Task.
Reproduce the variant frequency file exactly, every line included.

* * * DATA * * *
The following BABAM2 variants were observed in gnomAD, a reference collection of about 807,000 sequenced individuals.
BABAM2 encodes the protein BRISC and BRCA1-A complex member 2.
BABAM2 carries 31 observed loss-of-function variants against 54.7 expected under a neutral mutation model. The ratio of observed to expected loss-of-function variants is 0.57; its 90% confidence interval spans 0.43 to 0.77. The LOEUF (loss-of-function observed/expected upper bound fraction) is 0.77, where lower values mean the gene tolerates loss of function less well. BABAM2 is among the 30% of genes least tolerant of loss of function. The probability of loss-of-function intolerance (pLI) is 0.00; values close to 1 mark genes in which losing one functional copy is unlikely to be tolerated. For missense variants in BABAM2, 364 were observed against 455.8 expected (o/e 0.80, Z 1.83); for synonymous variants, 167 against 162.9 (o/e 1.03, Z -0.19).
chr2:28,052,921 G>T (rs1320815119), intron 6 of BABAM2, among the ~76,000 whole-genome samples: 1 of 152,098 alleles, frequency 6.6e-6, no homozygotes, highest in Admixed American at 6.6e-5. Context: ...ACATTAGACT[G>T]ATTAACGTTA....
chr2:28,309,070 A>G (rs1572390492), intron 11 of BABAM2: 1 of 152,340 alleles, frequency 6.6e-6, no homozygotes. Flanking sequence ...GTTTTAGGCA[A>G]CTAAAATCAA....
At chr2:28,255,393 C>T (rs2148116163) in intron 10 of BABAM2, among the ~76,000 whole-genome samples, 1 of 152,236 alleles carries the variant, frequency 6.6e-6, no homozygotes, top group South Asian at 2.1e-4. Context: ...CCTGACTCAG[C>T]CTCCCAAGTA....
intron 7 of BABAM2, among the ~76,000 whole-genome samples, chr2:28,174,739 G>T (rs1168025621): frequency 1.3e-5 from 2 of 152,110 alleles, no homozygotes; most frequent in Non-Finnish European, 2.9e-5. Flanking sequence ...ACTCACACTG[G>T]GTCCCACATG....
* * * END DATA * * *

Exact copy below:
The following BABAM2 variants were observed in gnomAD, a reference collection of about 807,000 sequenced individuals.
BABAM2 encodes the protein BRISC and BRCA1-A complex member 2.
BABAM2 carries 31 observed loss-of-function variants against 54.7 expected under a neutral mutation model. The ratio of observed to expected loss-of-function variants is 0.57; its 90% confidence interval spans 0.43 to 0.77. The LOEUF (loss-of-function observed/expected upper bound fraction) is 0.77, where lower values mean the gene tolerates loss of function less well. BABAM2 is among the 30% of genes least tolerant of loss of function. The probability of loss-of-function intolerance (pLI) is 0.00; values close to 1 mark genes in which losing one functional copy is unlikely to be tolerated. For missense variants in BABAM2, 364 were observed against 455.8 expected (o/e 0.80, Z 1.83); for synonymous variants, 167 against 162.9 (o/e 1.03, Z -0.19).
chr2:28,052,921 G>T (rs1320815119), intron 6 of BABAM2, among the ~76,000 whole-genome samples: 1 of 152,098 alleles, frequency 6.6e-6, no homozygotes, highest in Admixed American at 6.6e-5. Context: ...ACATTAGACT[G>T]ATTAACGTTA....
chr2:28,309,070 A>G (rs1572390492), intron 11 of BABAM2: 1 of 152,340 alleles, frequency 6.6e-6, no homozygotes. Flanking sequence ...GTTTTAGGCA[A>G]CTAAAATCAA....
At chr2:28,255,393 C>T (rs2148116163) in intron 10 of BABAM2, among the ~76,000 whole-genome samples, 1 of 152,236 alleles carries the variant, frequency 6.6e-6, no homozygotes, top group South Asian at 2.1e-4. Context: ...CCTGACTCAG[C>T]CTCCCAAGTA....
intron 7 of BABAM2, among the ~76,000 whole-genome samples, chr2:28,174,739 G>T (rs1168025621): frequency 1.3e-5 from 2 of 152,110 alleles, no homozygotes; most frequent in Non-Finnish European, 2.9e-5. Flanking sequence ...ACTCACACTG[G>T]GTCCCACATG....